Five guys named Moe (I) – Laughing Jester

The ‘Laughing Jester’ by an unknown Dutch artist is generally dated to around 1520.  This work, which is the front cover illustration of the Fools Are Everywhere book, is one of several paintings featuring a jester in this enigmatic stance – peeping through his fingers – which we will be highlighting in the coming weeks in an endeavour to better understand them as a group. 

A first exploration of this theme is a paper by Görel Cavalli-Björkman which presents a few of them; having found other examples, and feeling that some questions remain unanswered, this is an attempt to build on her work. 

This example presents a jester in the iconic costume commonly attributed to them: parti-coloured clothing in striking combinations and colours, here green, red and yellow, and the cap complete with ass ears and coxcomb, both signalling the fool. 

Cavalli-Björkman mentions the colours of the clothing:

Credit: 'Laughing Jester' (c. 1520), Dutch; Nationalmuseum Stockholm; oil on wood; 47 x 37cm

During the Middle Ages yellow – the colour of saffron – had negative associations.  Saffron could have a bad effect on the nervous system. It could provoke laughter and even folly.  Green was the colour of disgrace. 

He also has the jester’s ‘marotte’, the fool-stick topped with a small jester’s head – allowing the jester to engage in a conversation with another fool and even to address mockery to this mirror-fool that might be intended for other people in the room. 

The peeping-through-fingers is intriguing.  Cavalli-Björkman suggests it could mean to ‘avoid seeing things as they are, particularly if they are unpleasant’, something like ‘turning a blind eye’.  She mentions a saying alluded to in Pieter Bruegel’s painting The Flemish Proverbs:

‘Die niet dor de vinger ziet, dient in de wereld niet’

(‘He who never looks through his fingers at aught, will never in the world be sought’) . 

This could suggest something like ‘You’ll never get ahead if you don’t look the other way now and then’.  Is the fool mocking us for turning a blind eye to wickedness, or conniving with us, or is he a fool for doing so himself?    

In this and similar paintings and prints, he holds a pair of spectacles half tucked into his jacket. Cavalli-Björkman mentions a German proverb, ‘To buy someone some glasses’ (‘Jemanden eine Brille kaufen’), which means to deceive or fool somebody.  One commentary moots the possibility that the association with deception could be due to the fact that ‘making glasses at the time was a technical challenge, causing their quality to vary greatly – for this reason, their makers were sometimes considered charlatans.’ 

Kenneth Craig suggests ‘We would not be far wrong to suspect by their presence another comment on the lack of perspicacity in our Fools.  Indeed, a parallel tradition in the sixteenth century views spectacles as an ironic attribute of those who cannot or will not see the truth.’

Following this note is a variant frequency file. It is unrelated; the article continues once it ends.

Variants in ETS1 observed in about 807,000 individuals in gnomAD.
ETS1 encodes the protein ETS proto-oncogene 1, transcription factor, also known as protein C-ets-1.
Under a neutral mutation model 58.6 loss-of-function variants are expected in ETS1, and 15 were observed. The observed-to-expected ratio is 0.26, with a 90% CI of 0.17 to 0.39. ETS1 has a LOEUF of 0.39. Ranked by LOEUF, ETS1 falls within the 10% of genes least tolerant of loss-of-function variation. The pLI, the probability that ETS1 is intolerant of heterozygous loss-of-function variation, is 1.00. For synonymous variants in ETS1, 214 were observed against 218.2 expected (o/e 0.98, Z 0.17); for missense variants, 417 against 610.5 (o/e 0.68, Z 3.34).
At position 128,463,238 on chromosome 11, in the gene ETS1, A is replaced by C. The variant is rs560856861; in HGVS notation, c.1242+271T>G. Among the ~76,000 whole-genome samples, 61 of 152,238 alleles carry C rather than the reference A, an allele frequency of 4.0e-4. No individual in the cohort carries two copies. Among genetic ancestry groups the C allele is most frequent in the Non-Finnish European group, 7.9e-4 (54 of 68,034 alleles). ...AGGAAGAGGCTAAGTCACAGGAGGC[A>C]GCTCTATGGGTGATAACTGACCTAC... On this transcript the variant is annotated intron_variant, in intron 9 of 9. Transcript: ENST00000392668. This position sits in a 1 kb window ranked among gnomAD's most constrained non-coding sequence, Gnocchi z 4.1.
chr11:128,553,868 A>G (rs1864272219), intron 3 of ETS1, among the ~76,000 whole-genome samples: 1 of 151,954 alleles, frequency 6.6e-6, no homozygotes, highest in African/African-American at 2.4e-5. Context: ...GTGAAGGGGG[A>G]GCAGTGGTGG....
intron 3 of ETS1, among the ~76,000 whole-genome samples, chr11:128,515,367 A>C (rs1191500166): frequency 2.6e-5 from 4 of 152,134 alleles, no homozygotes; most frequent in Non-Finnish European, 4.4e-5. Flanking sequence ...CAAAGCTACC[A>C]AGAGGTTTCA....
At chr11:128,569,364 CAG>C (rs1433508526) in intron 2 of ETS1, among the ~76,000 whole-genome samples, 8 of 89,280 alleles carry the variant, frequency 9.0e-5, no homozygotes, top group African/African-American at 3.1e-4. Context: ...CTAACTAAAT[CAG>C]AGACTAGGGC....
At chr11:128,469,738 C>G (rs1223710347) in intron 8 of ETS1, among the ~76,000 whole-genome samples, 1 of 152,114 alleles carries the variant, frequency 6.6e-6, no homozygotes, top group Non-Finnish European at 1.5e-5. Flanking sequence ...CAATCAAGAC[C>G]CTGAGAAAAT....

He provides a convincing example of this interpretation in a woodcut by Erhard Schoen, ‘Owl avoiding daylight’ (1540), in which an owl, ‘that bird of darkness and evil who hides from the daylight’, is depicted with spectacles, the sun and a lit candle and the inscription of another German (and Dutch) proverb:

‘Was hilfft mich sün liche oder prill / Weyl ich doch selbs nicht sehen will.’

(‘What use are sun, candle or spectacles to me / Since I do not myself have the will to see’.)

It seems reasonable to conclude that the glasses reinforce the ‘turning of a blind eye’ inherent in the peeking-through-fingers gesture, either signifying a deliberate pulling of the wool over our eyes, and / or a wilful self-deception, looking the other way, as it were. 

Another possibility, mooted in an essay on the symbolism of glasses in art, is that they could signal the ‘folly of the search for knowledge in the face of inevitable and unpredictable death’.  It’s an interesting perspective to be kept in mind, pending a primary source to illustrate it. 

One aspect not mentioned by any of these commentators is the fact that the fool isn’t wearing the glasses, which might help him see more clearly if he actually used them, again underpinning the idea of ‘turning a blind eye’.

To be continued… with other paintings in the group to follow, starting with a remarkably similar jester. 


Credit: ‘Laughing Jester’ (c. 1520), Dutch; Nationalmuseum Stockholm, Stockholm; oil on wood; 47 x 37cm


Amoako, Aida, ‘Spectacular vision: the symbolism of glasses in art’,, 22 July 2020.

Cavalli-Björkman, Görel, ‘The Laughing Jester’, Nationalmuseum Bulletin, Stockholm, 9:2 (1985), pp. 100-09.

Craig, Kenneth, ‘Proverb’s Progress: a Fool Looking Through His Fingers’, in The Great Emporium, The Low countries as a Cultural Crossroad in the Renaissance and the Eighteenth Century (Amsterdam 1992), pp. 119-20 and fig. 7.

Friedländer, Max J., “Das Bildnis eines Narren von dem Meister des Angerer-Portrats,” Pantheon, 10 (1932), pp. 232–33, ill.

Mellinkoff, Ruth, Outcasts: Signs of Otherness in Northern European Art of the Late Middle Ages, 2 vols (Berkeley: University of California Press, 1993) – this magnum opus touches on many elements in this and related paintings, rather than making specific references to them. 


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